The sudden closure of airspace over Afghanistan on August 16, 2021, compelled two Air India flights to divert and make unforeseen fuel halts, pushing the crew over duty hours.
The Afghanistan Civil Aviation Authority issued a Notice to Airmen (NOTAM) on August 16, 2021, advising transiting flights to reroute due to the airspace being changed to uncontrolled.
The NOTAM affected Air India flights AI126 from Chicago to New Delhi and AI174 from San Francisco to New Delhi, in the air when the warning was issued. Due to the additional routing required, both planes had to make unexpected stops for fuel in the United Arab Emirates.
As per Flightradar24, AI126 had departed from O’Hare International Airport (ORD) at 12:44 PM local time. The Boeing 777 was proceeding to enter the Afghanistan region at 10:00 AM local time, when it seemed like the crew acknowledged the NOTAM, forcing them to make an apparent sharp turn to the Turkmenistan region. This eventually caused the flight to be diverted to Sharjah International Airport (SHJ) in the United Arab Emirates, landing at 12:07 PM local time.
AI174 departed San Francisco International Airport (SFO) at 11:15 AM local time. According to the Hindustan Times, the flight crew was informed of the NOTAM in time to avoid the Afghanistan airspace altogether and instead proceed to SHJ, landing at 13:35 local time.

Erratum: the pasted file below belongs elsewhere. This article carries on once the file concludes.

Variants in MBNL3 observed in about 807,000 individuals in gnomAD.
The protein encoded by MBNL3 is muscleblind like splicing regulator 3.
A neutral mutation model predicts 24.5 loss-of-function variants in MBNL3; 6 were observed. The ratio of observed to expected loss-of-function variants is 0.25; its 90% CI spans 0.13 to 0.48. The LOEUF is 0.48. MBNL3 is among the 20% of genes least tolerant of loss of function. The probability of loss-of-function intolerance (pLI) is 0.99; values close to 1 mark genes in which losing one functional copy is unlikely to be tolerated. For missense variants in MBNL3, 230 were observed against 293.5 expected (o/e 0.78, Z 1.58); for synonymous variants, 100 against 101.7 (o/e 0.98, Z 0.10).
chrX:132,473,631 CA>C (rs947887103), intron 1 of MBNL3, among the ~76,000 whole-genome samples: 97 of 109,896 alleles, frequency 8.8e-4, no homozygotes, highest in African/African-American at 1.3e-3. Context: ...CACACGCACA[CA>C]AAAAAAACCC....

Due to the additional fuel stops in the UAE, the Air India crew exceeded their flight time duty limit as set by the Directorate General of Civil Aviation (DGCA), their union told the Hindustan Times. Instead of waiting for a fresh crew to operate the flights from SHJ, the pilots of both the flights decided to fly their aircraft to the original destination, Indira Gandhi International Airport (DEL).
As per ICAO, the maximum flight duty limits for any operating aircrew in a period are limited to prevent the stress caused by the lack of sleep and provide the crew with maximum rest. However, crew can opt to exceed those limits within good reason, if they feel able to continue to fly.